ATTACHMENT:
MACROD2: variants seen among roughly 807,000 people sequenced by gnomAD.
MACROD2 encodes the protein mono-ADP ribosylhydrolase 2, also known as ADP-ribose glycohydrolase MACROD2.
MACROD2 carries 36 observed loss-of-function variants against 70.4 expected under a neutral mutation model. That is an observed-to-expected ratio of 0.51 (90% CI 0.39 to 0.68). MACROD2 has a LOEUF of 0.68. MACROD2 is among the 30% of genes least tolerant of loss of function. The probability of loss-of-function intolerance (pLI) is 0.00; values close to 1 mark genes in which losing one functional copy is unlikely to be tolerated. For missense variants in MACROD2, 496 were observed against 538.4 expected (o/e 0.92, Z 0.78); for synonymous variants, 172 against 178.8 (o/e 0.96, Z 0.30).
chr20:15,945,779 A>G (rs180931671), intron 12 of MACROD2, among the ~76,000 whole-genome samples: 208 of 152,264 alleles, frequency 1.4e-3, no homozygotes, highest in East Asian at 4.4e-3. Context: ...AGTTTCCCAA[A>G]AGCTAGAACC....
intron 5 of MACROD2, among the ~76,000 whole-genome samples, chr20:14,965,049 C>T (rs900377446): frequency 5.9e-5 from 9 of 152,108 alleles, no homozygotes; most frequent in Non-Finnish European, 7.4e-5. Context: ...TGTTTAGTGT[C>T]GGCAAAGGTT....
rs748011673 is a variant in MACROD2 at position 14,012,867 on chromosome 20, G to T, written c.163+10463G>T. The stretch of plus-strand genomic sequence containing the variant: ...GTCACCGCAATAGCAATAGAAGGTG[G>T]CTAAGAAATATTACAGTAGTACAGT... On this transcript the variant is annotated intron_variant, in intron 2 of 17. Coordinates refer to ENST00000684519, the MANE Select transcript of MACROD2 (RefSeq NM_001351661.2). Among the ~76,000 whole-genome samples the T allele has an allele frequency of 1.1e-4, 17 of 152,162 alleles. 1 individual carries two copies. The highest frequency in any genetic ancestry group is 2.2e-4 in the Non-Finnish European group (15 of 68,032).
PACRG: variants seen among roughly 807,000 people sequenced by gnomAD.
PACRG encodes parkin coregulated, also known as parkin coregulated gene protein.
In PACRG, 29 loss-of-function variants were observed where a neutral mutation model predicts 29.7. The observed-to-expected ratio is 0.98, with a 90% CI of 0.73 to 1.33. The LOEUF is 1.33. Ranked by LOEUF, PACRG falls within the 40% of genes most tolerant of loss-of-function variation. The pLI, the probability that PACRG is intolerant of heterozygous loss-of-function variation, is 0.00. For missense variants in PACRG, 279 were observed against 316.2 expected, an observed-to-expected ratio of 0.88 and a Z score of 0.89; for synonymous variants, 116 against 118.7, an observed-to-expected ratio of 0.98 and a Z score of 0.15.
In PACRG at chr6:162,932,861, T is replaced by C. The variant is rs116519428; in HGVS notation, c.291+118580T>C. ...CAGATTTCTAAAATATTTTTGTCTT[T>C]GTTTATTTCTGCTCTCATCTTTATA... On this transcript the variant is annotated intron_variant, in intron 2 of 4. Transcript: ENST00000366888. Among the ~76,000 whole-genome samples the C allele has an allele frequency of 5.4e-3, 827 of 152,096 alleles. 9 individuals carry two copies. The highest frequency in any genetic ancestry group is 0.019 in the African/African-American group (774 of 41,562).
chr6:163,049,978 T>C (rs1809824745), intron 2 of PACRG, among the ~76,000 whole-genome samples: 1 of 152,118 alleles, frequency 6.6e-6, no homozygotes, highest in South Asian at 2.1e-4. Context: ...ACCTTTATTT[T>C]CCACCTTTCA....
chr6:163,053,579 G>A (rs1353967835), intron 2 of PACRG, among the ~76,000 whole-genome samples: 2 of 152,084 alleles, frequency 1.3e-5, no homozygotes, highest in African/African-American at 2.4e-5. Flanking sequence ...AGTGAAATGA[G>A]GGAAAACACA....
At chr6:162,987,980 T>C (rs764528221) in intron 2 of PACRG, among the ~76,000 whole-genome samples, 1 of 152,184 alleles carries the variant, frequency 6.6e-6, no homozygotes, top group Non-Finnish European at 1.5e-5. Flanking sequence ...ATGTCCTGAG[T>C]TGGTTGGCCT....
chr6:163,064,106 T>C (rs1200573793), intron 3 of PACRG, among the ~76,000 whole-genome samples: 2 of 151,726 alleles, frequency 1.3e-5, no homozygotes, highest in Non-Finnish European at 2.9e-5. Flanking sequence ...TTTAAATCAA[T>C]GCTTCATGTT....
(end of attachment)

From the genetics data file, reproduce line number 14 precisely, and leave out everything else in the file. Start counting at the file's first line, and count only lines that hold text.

chr6:163,064,106 T>C (rs1200573793), intron 3 of PACRG, among the ~76,000 whole-genome samples: 2 of 151,726 alleles, frequency 1.3e-5, no homozygotes, highest in Non-Finnish European at 2.9e-5. Flanking sequence ...TTTAAATCAA[T>C]GCTTCATGTT....